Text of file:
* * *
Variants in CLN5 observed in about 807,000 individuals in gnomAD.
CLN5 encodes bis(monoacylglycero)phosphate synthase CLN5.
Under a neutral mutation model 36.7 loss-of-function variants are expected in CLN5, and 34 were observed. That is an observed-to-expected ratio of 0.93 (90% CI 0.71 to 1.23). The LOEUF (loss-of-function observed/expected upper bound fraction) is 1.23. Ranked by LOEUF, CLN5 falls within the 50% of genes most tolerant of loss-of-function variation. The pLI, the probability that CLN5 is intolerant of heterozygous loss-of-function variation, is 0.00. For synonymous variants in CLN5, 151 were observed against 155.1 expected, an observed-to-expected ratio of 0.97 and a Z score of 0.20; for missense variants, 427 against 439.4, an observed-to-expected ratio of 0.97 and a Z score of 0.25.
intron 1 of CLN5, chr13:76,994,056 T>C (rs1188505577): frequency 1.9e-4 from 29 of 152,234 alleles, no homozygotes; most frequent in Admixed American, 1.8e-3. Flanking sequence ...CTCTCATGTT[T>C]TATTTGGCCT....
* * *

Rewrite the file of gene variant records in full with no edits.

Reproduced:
Variants in CLN5 observed in about 807,000 individuals in gnomAD.
CLN5 encodes bis(monoacylglycero)phosphate synthase CLN5.
Under a neutral mutation model 36.7 loss-of-function variants are expected in CLN5, and 34 were observed. That is an observed-to-expected ratio of 0.93 (90% CI 0.71 to 1.23). The LOEUF (loss-of-function observed/expected upper bound fraction) is 1.23. Ranked by LOEUF, CLN5 falls within the 50% of genes most tolerant of loss-of-function variation. The pLI, the probability that CLN5 is intolerant of heterozygous loss-of-function variation, is 0.00. For synonymous variants in CLN5, 151 were observed against 155.1 expected, an observed-to-expected ratio of 0.97 and a Z score of 0.20; for missense variants, 427 against 439.4, an observed-to-expected ratio of 0.97 and a Z score of 0.25.
intron 1 of CLN5, chr13:76,994,056 T>C (rs1188505577): frequency 1.9e-4 from 29 of 152,234 alleles, no homozygotes; most frequent in Admixed American, 1.8e-3. Flanking sequence ...CTCTCATGTT[T>C]TATTTGGCCT....